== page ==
WOULD she show up or wouldn't she? Her media-savvy reputation suggested she would, but her tenor over the phone had been uncertain. Would she come by car, taxi or metro? Would she be surrounded by German body-guards who would frisk you for concealed weapons in full public view? These questions posed themselves as the clock ticked way past 11 am, the appointed hour for a rendezvous with Taslima Nasreen at the Block House cafe in West Berlin.
Finally, at 11.30, on an unusually sunny February morning, a short South Asian woman appeared at the pedestrian crossing at the other side of the road. It was the fugitive Bangladeshi writer sporting a long overcoat and short hair, accompanied by a lone, very Bengali looking male escort. There were no burly, goggle-sporting bodyguards in sight and in all probability she had either come by bus or walked from her undisclosed residence not far away.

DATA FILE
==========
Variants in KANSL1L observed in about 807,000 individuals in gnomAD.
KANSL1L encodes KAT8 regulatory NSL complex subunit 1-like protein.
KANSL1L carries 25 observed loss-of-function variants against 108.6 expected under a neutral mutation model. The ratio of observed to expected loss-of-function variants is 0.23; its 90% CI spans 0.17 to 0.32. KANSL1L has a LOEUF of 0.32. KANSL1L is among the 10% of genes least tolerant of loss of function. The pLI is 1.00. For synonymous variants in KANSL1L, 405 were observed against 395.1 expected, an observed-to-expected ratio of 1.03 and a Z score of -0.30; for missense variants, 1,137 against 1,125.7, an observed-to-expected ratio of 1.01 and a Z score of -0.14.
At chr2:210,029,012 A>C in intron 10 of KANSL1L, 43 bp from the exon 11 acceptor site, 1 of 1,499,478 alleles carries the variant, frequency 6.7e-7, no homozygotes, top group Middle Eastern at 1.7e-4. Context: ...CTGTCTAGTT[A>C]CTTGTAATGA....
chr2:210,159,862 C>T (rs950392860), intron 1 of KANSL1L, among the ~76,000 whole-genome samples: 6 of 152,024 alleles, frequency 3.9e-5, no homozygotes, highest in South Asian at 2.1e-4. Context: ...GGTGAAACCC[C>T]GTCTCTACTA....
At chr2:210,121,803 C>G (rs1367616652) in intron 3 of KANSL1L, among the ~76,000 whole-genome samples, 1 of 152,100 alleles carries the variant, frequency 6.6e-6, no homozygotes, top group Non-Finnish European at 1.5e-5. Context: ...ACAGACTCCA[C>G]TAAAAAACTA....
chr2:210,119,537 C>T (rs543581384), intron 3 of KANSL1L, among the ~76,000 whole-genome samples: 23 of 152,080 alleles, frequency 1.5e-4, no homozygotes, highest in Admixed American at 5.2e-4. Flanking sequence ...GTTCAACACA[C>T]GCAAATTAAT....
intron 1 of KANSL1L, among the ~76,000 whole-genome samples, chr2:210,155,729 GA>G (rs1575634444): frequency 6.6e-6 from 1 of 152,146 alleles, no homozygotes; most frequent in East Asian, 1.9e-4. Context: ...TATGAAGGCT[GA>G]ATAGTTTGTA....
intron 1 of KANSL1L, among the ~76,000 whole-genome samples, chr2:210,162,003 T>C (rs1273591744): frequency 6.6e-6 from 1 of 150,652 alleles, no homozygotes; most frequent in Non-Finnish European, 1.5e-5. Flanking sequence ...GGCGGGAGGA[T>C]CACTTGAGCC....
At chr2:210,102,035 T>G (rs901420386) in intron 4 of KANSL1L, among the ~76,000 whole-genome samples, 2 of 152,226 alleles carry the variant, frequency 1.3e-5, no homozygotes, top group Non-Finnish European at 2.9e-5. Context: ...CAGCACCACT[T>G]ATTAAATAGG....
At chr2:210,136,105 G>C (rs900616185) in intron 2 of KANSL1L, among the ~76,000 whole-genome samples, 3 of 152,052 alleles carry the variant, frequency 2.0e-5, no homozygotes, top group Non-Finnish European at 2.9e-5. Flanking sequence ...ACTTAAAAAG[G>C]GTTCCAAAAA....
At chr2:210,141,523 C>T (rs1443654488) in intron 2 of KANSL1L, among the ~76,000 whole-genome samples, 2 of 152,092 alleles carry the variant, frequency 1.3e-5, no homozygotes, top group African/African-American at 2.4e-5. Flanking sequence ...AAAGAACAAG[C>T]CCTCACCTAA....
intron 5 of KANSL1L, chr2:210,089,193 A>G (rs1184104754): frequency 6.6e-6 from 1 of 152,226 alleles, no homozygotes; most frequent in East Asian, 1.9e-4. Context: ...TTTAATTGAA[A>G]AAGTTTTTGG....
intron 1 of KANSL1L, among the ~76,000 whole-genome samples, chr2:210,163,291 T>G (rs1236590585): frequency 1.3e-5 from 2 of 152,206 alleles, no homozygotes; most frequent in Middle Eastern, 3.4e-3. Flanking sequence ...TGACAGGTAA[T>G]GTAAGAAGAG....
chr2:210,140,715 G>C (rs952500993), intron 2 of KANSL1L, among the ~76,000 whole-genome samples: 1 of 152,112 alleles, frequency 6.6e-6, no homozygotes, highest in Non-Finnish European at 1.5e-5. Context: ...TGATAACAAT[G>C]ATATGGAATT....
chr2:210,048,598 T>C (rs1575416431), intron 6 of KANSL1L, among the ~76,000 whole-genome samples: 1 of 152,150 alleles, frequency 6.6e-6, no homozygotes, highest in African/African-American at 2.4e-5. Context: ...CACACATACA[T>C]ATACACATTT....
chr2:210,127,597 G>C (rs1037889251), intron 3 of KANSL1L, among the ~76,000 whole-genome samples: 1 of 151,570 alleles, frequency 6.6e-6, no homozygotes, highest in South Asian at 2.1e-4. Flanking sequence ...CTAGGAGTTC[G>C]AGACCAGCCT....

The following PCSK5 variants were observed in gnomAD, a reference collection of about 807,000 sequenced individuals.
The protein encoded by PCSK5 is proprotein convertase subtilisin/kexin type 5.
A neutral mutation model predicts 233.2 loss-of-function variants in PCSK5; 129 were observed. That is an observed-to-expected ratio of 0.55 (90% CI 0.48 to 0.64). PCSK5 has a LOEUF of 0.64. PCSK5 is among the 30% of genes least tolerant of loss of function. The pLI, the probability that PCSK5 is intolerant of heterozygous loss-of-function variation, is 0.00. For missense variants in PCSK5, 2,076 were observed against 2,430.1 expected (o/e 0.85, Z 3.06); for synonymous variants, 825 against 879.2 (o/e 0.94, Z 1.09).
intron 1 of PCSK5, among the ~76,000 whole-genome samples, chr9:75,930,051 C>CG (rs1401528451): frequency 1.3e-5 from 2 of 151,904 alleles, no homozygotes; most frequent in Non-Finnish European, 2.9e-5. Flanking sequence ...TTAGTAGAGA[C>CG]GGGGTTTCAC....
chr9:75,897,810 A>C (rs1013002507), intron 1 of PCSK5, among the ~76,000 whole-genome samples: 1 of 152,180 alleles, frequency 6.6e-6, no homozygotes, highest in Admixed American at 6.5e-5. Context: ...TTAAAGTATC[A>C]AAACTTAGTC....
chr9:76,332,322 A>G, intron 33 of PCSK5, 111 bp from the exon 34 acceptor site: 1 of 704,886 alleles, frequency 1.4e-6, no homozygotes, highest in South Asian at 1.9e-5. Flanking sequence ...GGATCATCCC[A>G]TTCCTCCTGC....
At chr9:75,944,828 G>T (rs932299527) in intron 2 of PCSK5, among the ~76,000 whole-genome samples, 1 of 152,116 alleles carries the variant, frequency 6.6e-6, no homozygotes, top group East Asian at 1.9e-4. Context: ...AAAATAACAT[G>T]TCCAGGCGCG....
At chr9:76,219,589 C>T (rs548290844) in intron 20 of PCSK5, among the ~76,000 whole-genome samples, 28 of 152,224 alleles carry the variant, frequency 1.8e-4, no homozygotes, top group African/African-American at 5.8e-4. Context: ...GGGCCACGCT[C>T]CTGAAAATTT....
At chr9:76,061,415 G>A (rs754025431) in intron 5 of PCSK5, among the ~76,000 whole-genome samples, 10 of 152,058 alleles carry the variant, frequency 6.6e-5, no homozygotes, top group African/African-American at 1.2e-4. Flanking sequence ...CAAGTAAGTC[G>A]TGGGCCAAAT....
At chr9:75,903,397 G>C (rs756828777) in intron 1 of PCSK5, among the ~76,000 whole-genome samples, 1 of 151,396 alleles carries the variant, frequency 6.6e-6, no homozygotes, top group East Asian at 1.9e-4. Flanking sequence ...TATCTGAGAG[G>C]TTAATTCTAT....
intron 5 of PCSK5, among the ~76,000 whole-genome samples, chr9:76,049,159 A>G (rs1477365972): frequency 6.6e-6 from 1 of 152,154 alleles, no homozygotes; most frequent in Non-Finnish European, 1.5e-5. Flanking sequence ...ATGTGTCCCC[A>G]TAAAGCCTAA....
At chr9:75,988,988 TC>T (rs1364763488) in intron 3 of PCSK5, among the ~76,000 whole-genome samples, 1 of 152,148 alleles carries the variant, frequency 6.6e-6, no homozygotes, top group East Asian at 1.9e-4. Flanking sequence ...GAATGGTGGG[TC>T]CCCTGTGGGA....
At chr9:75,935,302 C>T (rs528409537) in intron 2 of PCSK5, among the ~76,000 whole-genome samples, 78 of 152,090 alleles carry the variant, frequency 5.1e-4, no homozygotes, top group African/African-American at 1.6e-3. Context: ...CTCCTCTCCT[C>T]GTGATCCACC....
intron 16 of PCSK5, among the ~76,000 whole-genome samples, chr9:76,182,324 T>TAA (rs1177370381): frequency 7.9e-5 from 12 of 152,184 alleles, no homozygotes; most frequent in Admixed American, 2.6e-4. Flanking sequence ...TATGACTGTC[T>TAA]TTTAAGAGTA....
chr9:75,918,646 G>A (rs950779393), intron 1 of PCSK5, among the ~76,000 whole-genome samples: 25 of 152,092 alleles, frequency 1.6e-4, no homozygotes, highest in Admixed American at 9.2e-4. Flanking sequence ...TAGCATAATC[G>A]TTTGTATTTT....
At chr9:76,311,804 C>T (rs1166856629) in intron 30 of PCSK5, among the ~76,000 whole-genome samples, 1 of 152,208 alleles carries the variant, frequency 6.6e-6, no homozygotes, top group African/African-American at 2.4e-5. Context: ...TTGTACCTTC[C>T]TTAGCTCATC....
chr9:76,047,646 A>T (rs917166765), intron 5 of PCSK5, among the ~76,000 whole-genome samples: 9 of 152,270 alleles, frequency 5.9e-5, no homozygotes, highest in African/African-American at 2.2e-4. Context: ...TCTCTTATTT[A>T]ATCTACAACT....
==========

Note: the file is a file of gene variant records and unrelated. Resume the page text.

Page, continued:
"I'm Taslima and he is my brother Kobir," she said smiling a weak, half-suspicious smile, upon entering the cafe. The customary shedding of the overcoat revealed a pair of bright green slacks, matching sweatshirt and calf-high leather boots. Regardless of whether it was an expression of her hardening defiance or a bid to look inconspicuous in a western milieu, Taslima looked sultry and glamorous—cutting a remarkably different image from the well-publicised wire photo of the sari-clad author of Lajja who created a furore in Bangladesh and went underground before her dramatic flight to Sweden. She had moved to Berlin last July on an invitation from DAAD, the German academic and cultural exchange service.
"Why do you want to interview me," she asked, walking towards an empty corner table, "No one is interested in Taslima anymore. There is nothing new to say or write about. Nobody is bothered." Her apparently cultivated indifference and icy...